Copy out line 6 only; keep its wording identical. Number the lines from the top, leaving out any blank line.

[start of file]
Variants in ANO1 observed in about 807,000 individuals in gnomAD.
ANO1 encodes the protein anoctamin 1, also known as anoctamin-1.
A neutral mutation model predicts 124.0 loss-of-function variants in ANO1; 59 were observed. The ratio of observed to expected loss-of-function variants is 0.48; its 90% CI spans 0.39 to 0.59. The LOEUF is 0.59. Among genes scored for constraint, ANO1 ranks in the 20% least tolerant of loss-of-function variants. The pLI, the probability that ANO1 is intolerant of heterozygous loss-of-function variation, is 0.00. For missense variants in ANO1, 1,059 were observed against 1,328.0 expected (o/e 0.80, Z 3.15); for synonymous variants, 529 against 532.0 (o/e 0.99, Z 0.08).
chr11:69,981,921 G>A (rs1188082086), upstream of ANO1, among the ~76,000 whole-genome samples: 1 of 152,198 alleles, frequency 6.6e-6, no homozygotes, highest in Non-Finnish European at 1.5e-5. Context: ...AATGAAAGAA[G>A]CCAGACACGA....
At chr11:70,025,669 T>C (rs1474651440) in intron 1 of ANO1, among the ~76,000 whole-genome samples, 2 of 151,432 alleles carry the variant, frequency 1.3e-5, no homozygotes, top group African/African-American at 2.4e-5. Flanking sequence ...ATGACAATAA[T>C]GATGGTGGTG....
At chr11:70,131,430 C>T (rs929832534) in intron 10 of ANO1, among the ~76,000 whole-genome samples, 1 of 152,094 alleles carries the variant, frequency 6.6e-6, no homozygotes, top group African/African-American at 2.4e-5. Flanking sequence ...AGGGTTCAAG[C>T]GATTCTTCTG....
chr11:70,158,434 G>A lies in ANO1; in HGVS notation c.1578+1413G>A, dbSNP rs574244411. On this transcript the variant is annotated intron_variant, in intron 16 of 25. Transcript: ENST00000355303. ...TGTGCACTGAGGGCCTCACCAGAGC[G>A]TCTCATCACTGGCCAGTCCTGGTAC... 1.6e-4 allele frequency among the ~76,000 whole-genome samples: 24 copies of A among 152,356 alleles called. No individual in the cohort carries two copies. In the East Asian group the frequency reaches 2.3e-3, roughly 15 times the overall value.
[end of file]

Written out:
At chr11:70,131,430 C>T (rs929832534) in intron 10 of ANO1, among the ~76,000 whole-genome samples, 1 of 152,094 alleles carries the variant, frequency 6.6e-6, no homozygotes, top group African/African-American at 2.4e-5. Flanking sequence ...AGGGTTCAAG[C>T]GATTCTTCTG....